Responding to Global Warming

Analyzing Some Ideas

Economist William D. Nordhaus, The Climate Casino: Risk, Uncertainty, and Economics for a Warming World, 2013, argues (e.g., on p. 169) that there are four possible approaches to coping with the global warming problem:

  1. Reduce the rate of economic growth by reducing living standards.

  1. Change our lifestyle by cutting back on those activities that involve the use of fossil fuels (e.g., reducing one’s travel by airplane).

  1. Continue producing and transporting (goods and people) at the same level, but do so with low- or no-carbon technologies.

  1. Continue burning fossil fuels, but remove the CO2 after combustion—i.e., engage in geo-engineering measures.

Should these proposals be given serious attention? If so, by whom? In answering these questions, the starting point is to ask: What facts of relevance regarding global warming do we need to recognize before we start making proposals? I would suggest the following as key facts (or projections that are reasonable to regard as “factual”):

  1. The consensus with climate scientists is that if the global mean increased by 2° C (the baseline here being the beginning of the Industrial Revolution, i.e., around 1750 CE), the negative feedback mechanism that have been “working” to “hold back” change will, in a sense, “give up,” to be replaced with positive feedback mechanisms—whose function will be to accelerate change. Some climate scientists—James Hansen perhaps being the most notable among this group—believe that even a 2° C “target” of increase, in the global mean temperature, is too high.

  1. The “climate commitment” value is believed to be somewhere between 1° C and 1.5° C That is, if the emission of “greenhouse gases” were to cease, on a world-wide basis, today, those gases would not suddenly disappear. Their presence would continue in the atmosphere, and therefore continue to have an effect on the global mean temperature. True, the magnitude of that presence would decline over time, but while present those gases would cause the global mean to increase by at least a degree (to 1.8° C), and as much as 1.5° C (to 2.3° C).

  2. Given that we humans will continue to pour greenhouse gases into the atmosphere (this is an indisputable fact, is it not?!), it is virtually certain that an acceleration in an increase in the global mean temperature will occur at some point in the future—the only question being when (a few decades? a few years?).

  1. Conceivably, geo-engineering measures could be introduced, and would prevent this from occurring. But there is no reason to believe that such measures would be introduced before we reach a “point of no return;” and even if such measures were introduced soon, there is the possibility that they would exacerbate the situation. It’s no wonder that Al Gore asserted recently that the introduction of such measures would be “insane.”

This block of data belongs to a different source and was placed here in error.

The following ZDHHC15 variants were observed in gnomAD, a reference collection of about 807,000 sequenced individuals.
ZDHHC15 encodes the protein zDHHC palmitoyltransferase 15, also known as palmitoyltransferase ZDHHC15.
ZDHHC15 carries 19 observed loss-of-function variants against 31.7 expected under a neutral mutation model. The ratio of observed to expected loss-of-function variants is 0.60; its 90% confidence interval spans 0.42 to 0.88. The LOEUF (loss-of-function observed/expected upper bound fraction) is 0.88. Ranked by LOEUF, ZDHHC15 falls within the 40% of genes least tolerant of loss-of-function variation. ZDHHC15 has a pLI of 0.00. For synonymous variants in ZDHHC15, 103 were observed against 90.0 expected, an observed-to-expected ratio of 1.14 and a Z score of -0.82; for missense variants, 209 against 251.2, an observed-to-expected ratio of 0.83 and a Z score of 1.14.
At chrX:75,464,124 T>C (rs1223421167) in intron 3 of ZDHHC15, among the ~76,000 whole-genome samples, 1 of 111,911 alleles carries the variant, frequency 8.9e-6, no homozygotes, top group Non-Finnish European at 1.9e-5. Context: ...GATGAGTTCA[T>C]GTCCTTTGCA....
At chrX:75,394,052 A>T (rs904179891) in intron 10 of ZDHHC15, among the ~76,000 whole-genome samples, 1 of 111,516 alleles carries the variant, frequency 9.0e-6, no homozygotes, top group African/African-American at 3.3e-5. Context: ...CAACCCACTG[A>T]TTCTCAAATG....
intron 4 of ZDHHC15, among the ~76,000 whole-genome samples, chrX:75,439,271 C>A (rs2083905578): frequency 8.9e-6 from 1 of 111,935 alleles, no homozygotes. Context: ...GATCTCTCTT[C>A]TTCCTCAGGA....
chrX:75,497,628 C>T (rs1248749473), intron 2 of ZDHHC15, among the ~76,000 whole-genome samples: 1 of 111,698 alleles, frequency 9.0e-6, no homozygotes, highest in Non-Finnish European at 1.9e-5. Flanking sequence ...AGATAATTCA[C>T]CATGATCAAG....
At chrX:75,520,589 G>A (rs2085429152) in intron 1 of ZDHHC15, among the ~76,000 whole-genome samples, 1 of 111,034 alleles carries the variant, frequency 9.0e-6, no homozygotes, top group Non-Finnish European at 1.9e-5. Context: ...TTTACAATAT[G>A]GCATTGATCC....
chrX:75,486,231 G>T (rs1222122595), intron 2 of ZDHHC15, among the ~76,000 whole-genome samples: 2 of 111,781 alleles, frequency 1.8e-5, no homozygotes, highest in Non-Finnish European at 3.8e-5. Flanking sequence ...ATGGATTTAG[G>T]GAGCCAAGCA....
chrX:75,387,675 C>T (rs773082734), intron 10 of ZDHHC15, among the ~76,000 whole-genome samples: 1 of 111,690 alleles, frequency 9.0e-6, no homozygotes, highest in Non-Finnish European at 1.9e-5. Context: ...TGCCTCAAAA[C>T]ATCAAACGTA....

1. Because the technology exists for a conversion to sources of energy other than fossil fuels, it’s conceivable that a “switchover” to such sources of energy would occur before an acceleration of temperature increase occurs. However, because such a switchover would require the involvement of government, and government (at the national level in particular) is controlled by Wall Street, major corporations, and the rich, the probability of this occurring in time is zero.

In light of the above five comments, it is reasonable to conclude that:

  1. Societal collapse is likely here and elsewhere within a matter of decades, perhaps even years.

  1. This will result in starvation, disease, an increase in violence (including suicides)—to the point that most of the world’s population will be wiped out, with the possibility, even, that our species will become extinct. (Every day dozens of extinctions are occurring with other species.)

None of the four approaches discussed by Nordhaus recognizes these two very likely possibilities. What I am forced to conclude, then, is that all of those approaches can be rejected. (With recommendations coming from an economist, should one be surprised?!)

One of his suggestions, if rephrased, would seem to have some promise, however. If his reference to changing our “lifestyle” were changed to changing our way of life, following that suggestion might give at least some of those who follow it some hope of surviving—with those not following it likely being doomed to premature death, however.

As I see it, changing our way of life—which would involve more drastic change than a mere change in lifestyle—can be thought of as involving three options:

  1. Becoming a homesteader.

  1. With other individuals/families forming a “homestead colony” (a term originated by Ralph Borsodi).

  1. Moving to an existing “intentional” community, or forming one with other individuals and/or families.

Whichever option is chosen, two goals, at minimum, would need to be sought: (1) Becoming as self-sufficient, economically, as possible and (2) anticipating the effects of global warming (for the production of food, for access to water, for surviving severe storms, etc.).

Note that I made no reference to government here, for the simple reason that it would be foolish beyond belief to look to government for any sort of leadership with any of those options. It’s true that a communities program was instituted during the Great Depression, but (1) that program did not involve many people, and (2) the probability of government undertaking anything like it today is zero.

As one with five grandchildren, I wish that I could be more optimistic about the human future, but frankly can see no reason to be.

Al Thompson is retired from an engineering (avionics) firm in Milwaukee. His e-mail address is: Read other articles by Alton.